Apple’s Quarterly Earnings Were Strong, but the iPad Took it on the Chin

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Apple was projected to have a strong Holiday quarter and their own guidance predicted such, but today brought confirmation that they did even better than expected. They beat their projection of $85.5 billion to $89.5 billion by taking in $91.8 billion for Q1 of financial year 2020. Apple also beat the street’s estimate of $4.54 per share profit by posting $4.99 for the quarter.

As for how the quarter played out, it was hardware that lead the way for Apple, specifically the iPhone. The 11 and 11 Pro reportedly sold very well as the smartphone category brought in almost $56 billion in revenue, an increase of $4 billion and 7.6% year over year. Considering all of the negativity surrounding iPhone sales over the last year, this uptick is certainly welcome news for Apple.

While the iPhone brought in a whopping 61% of Apple’s revenue, the wearables category was the winner in growth. The Apple Watch, AirPods, Beats, and HomePod came in at $10 billion in revenue, but the increase of almost $3 billion is a sizable 37% increase.

Along with the solid hardware sales, the growth of Apple’s Services category has also continued. Revenue increased from $10.88 billion to $12.72 billion during Q1. According to Tim Cook, this represents another record for this category.

Unfortunately, not all of Apple’s hardware performed as well last quarter. First off, revenue for Macs was down 3.4%. Considering that the Mac Pro and the new 16″ MacBook Pro, both of which drew rave reviews, came out late in the year, this could be just a temporary dip.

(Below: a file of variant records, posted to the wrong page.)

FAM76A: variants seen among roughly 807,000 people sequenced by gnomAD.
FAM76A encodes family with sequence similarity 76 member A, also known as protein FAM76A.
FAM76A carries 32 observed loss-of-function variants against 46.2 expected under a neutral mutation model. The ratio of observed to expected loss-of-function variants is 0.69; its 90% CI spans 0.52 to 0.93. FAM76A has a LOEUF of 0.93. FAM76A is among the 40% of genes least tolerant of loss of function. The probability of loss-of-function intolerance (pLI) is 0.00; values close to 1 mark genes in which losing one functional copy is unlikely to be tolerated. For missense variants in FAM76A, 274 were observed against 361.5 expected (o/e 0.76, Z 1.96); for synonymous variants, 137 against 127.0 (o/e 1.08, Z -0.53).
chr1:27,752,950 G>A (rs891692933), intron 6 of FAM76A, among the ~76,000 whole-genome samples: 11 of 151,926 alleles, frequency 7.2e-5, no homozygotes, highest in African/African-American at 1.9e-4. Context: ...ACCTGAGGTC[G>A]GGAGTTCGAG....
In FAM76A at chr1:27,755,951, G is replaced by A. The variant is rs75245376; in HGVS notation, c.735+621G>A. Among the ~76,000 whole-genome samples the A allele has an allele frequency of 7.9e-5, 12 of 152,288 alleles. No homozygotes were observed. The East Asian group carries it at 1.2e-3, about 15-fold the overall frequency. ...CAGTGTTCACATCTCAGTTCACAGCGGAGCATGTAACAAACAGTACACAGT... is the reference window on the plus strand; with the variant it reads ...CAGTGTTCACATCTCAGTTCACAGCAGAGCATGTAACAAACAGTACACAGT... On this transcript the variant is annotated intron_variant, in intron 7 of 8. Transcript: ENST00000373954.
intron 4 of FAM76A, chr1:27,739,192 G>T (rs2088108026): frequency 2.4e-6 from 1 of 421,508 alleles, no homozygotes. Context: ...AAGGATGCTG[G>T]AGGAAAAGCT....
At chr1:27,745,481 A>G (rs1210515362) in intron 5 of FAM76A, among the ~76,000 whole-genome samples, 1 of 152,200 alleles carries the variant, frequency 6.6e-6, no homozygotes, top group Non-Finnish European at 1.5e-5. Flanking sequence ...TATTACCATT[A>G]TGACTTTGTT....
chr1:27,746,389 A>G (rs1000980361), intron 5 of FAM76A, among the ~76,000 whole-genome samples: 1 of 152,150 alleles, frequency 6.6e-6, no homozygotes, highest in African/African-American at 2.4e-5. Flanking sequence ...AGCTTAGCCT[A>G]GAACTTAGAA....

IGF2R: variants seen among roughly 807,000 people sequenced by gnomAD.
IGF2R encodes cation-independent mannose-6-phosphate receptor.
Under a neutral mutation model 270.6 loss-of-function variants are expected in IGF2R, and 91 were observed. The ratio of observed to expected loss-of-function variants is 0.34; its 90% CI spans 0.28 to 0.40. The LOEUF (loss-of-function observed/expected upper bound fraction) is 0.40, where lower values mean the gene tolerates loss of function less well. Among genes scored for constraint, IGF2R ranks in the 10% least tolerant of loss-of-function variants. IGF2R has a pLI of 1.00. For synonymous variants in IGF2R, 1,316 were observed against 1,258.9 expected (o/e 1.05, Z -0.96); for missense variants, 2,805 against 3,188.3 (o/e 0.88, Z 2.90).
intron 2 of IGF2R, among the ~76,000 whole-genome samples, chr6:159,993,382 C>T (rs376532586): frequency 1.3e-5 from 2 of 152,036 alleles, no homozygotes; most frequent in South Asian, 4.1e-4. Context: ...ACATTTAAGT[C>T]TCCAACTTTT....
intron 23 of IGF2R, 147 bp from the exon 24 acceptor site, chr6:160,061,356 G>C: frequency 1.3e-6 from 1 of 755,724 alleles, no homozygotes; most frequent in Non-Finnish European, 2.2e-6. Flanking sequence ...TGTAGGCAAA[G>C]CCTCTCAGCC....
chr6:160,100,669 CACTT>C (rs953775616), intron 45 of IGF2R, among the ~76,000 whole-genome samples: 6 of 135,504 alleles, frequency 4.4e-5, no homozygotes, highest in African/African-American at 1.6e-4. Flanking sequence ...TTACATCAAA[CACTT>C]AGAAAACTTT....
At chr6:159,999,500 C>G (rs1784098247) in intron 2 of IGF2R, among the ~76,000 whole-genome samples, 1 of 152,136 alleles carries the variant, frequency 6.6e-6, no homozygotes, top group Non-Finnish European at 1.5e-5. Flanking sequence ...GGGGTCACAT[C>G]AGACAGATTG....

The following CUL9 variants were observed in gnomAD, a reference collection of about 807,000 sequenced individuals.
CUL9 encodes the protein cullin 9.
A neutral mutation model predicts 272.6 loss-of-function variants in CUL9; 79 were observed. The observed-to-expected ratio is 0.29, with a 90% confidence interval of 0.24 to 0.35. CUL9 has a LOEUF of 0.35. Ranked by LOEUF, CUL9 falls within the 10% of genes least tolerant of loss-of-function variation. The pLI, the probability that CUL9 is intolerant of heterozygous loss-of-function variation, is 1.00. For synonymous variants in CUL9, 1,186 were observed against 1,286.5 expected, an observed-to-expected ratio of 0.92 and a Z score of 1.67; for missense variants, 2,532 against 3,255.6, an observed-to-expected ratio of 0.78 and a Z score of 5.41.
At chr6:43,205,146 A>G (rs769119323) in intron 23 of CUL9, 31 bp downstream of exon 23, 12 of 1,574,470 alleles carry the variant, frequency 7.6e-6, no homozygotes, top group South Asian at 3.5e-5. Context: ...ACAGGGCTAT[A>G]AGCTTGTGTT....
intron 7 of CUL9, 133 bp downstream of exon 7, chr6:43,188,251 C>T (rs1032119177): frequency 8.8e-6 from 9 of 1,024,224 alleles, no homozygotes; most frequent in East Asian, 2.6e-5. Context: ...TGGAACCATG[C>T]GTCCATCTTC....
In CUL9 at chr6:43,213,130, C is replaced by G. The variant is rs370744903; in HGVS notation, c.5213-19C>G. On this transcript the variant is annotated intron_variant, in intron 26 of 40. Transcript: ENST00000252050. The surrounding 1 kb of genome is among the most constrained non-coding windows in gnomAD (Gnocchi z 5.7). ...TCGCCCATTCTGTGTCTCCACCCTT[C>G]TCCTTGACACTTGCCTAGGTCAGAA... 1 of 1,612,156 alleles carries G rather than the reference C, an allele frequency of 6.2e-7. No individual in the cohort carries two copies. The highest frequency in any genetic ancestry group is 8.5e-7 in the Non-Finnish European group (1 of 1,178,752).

Bringing up the rear, the iPad posted its poorest quarter in a while, at least as far as revenue goes. The $5.98 billion in sales is a steep 11% decrease year over year. While that is a significant dip for Apple’s tablets, there is a possible explanation. The company released two new iPad Pros last Fall, both of which reportedly sold well during the 2018 Holidays. While Apple no longer reports direct units sales for any category, the average price per unit was high enough to indicate strong sales of the more expensive devices during Q1 2019.

In contrast, Apple lacked new iPad Pro models to tout during the 2019 Holiday season. The most discounted and presumably highest selling tablet was the base model 10.2″ iPad. While it likely did sell well thanks to its great in of features and aggressive pricing, a device that is priced less than half of either Pro models certainly brought the APU and total revenue for the iPad down significantly for the quarter.

Apple should be set up for a solid 2020, overall. 5G is coming to the iPhone. The Apple Watch should continue to sell well, as well as the company’s other wearables. Apple’s Services should continue their solid growth. With new hardware coming and good recent reviews, the Mac should perform better this year, as well.

The biggest unknown today is the iPad. Will revenue growth return with the release of new iPad Pros sometime this year? It’s hard to say today, but hopefully the iPad hardware that is released over the course of 2020 is enough to move the needle back in the right direction.


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